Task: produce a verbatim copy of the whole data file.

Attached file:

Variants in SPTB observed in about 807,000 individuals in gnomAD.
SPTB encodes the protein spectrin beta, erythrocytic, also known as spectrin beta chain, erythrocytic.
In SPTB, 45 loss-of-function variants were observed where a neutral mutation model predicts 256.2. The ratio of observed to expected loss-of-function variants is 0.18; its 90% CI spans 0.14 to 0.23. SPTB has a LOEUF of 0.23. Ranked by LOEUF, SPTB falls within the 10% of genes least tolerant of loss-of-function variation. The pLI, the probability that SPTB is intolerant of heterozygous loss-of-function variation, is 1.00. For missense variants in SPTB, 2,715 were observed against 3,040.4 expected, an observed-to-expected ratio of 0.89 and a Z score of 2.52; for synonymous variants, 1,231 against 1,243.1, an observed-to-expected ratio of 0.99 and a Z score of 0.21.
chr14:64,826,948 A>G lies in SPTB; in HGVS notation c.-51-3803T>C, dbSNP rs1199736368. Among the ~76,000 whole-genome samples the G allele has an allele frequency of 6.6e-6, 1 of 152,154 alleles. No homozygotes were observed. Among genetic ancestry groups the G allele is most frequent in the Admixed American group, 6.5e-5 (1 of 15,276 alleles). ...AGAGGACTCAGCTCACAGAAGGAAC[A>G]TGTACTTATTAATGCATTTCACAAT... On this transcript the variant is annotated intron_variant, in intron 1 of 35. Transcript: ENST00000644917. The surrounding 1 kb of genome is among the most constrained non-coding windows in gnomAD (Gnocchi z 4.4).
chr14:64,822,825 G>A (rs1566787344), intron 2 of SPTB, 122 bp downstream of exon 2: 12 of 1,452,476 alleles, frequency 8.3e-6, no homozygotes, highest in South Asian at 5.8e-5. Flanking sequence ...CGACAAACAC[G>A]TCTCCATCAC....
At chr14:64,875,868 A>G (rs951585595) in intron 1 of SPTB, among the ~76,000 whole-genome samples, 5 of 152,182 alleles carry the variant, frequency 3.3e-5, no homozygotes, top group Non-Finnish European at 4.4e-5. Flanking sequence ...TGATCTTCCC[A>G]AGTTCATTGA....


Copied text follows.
Variants in SPTB observed in about 807,000 individuals in gnomAD.
SPTB encodes the protein spectrin beta, erythrocytic, also known as spectrin beta chain, erythrocytic.
In SPTB, 45 loss-of-function variants were observed where a neutral mutation model predicts 256.2. The ratio of observed to expected loss-of-function variants is 0.18; its 90% CI spans 0.14 to 0.23. SPTB has a LOEUF of 0.23. Ranked by LOEUF, SPTB falls within the 10% of genes least tolerant of loss-of-function variation. The pLI, the probability that SPTB is intolerant of heterozygous loss-of-function variation, is 1.00. For missense variants in SPTB, 2,715 were observed against 3,040.4 expected, an observed-to-expected ratio of 0.89 and a Z score of 2.52; for synonymous variants, 1,231 against 1,243.1, an observed-to-expected ratio of 0.99 and a Z score of 0.21.
chr14:64,826,948 A>G lies in SPTB; in HGVS notation c.-51-3803T>C, dbSNP rs1199736368. Among the ~76,000 whole-genome samples the G allele has an allele frequency of 6.6e-6, 1 of 152,154 alleles. No homozygotes were observed. Among genetic ancestry groups the G allele is most frequent in the Admixed American group, 6.5e-5 (1 of 15,276 alleles). ...AGAGGACTCAGCTCACAGAAGGAAC[A>G]TGTACTTATTAATGCATTTCACAAT... On this transcript the variant is annotated intron_variant, in intron 1 of 35. Transcript: ENST00000644917. The surrounding 1 kb of genome is among the most constrained non-coding windows in gnomAD (Gnocchi z 4.4).
chr14:64,822,825 G>A (rs1566787344), intron 2 of SPTB, 122 bp downstream of exon 2: 12 of 1,452,476 alleles, frequency 8.3e-6, no homozygotes, highest in South Asian at 5.8e-5. Flanking sequence ...CGACAAACAC[G>A]TCTCCATCAC....
At chr14:64,875,868 A>G (rs951585595) in intron 1 of SPTB, among the ~76,000 whole-genome samples, 5 of 152,182 alleles carry the variant, frequency 3.3e-5, no homozygotes, top group Non-Finnish European at 4.4e-5. Flanking sequence ...TGATCTTCCC[A>G]AGTTCATTGA....